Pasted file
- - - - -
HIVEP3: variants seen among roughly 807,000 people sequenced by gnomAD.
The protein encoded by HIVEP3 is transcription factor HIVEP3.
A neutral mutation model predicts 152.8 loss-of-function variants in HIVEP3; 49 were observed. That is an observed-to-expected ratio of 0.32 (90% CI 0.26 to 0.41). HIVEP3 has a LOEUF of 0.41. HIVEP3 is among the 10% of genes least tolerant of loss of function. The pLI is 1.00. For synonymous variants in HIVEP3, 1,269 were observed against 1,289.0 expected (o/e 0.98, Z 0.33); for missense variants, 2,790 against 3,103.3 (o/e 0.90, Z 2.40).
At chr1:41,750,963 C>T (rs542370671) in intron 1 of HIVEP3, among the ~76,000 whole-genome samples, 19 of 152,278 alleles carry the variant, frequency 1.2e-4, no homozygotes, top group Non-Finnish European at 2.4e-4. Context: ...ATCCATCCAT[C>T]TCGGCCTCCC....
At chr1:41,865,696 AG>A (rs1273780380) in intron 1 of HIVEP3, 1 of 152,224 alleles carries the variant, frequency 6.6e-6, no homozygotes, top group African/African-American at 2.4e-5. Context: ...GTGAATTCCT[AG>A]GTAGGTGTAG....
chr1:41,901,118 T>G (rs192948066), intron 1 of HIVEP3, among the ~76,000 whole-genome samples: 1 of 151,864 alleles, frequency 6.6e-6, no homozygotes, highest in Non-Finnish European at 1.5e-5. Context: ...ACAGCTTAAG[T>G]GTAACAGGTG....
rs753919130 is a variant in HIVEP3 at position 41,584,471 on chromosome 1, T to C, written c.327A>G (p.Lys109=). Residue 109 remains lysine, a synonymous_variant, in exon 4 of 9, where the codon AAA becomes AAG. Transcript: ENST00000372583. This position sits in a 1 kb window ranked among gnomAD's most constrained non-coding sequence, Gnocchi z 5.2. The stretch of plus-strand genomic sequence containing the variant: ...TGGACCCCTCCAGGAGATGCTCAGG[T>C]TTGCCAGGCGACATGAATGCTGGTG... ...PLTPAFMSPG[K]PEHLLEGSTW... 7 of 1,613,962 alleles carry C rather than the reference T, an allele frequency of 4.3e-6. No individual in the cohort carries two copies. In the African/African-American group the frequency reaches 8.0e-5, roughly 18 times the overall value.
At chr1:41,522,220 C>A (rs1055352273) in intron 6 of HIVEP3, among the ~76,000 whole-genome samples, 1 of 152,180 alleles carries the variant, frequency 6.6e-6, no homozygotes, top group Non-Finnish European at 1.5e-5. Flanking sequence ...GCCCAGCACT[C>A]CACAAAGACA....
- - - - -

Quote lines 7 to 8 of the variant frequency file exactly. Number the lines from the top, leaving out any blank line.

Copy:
rs753919130 is a variant in HIVEP3 at position 41,584,471 on chromosome 1, T to C, written c.327A>G (p.Lys109=). Residue 109 remains lysine, a synonymous_variant, in exon 4 of 9, where the codon AAA becomes AAG. Transcript: ENST00000372583. This position sits in a 1 kb window ranked among gnomAD's most constrained non-coding sequence, Gnocchi z 5.2. The stretch of plus-strand genomic sequence containing the variant: ...TGGACCCCTCCAGGAGATGCTCAGG[T>C]TTGCCAGGCGACATGAATGCTGGTG... ...PLTPAFMSPG[K]PEHLLEGSTW... 7 of 1,613,962 alleles carry C rather than the reference T, an allele frequency of 4.3e-6. No individual in the cohort carries two copies. In the African/African-American group the frequency reaches 8.0e-5, roughly 18 times the overall value.
At chr1:41,522,220 C>A (rs1055352273) in intron 6 of HIVEP3, among the ~76,000 whole-genome samples, 1 of 152,180 alleles carries the variant, frequency 6.6e-6, no homozygotes, top group Non-Finnish European at 1.5e-5. Flanking sequence ...GCCCAGCACT[C>A]CACAAAGACA....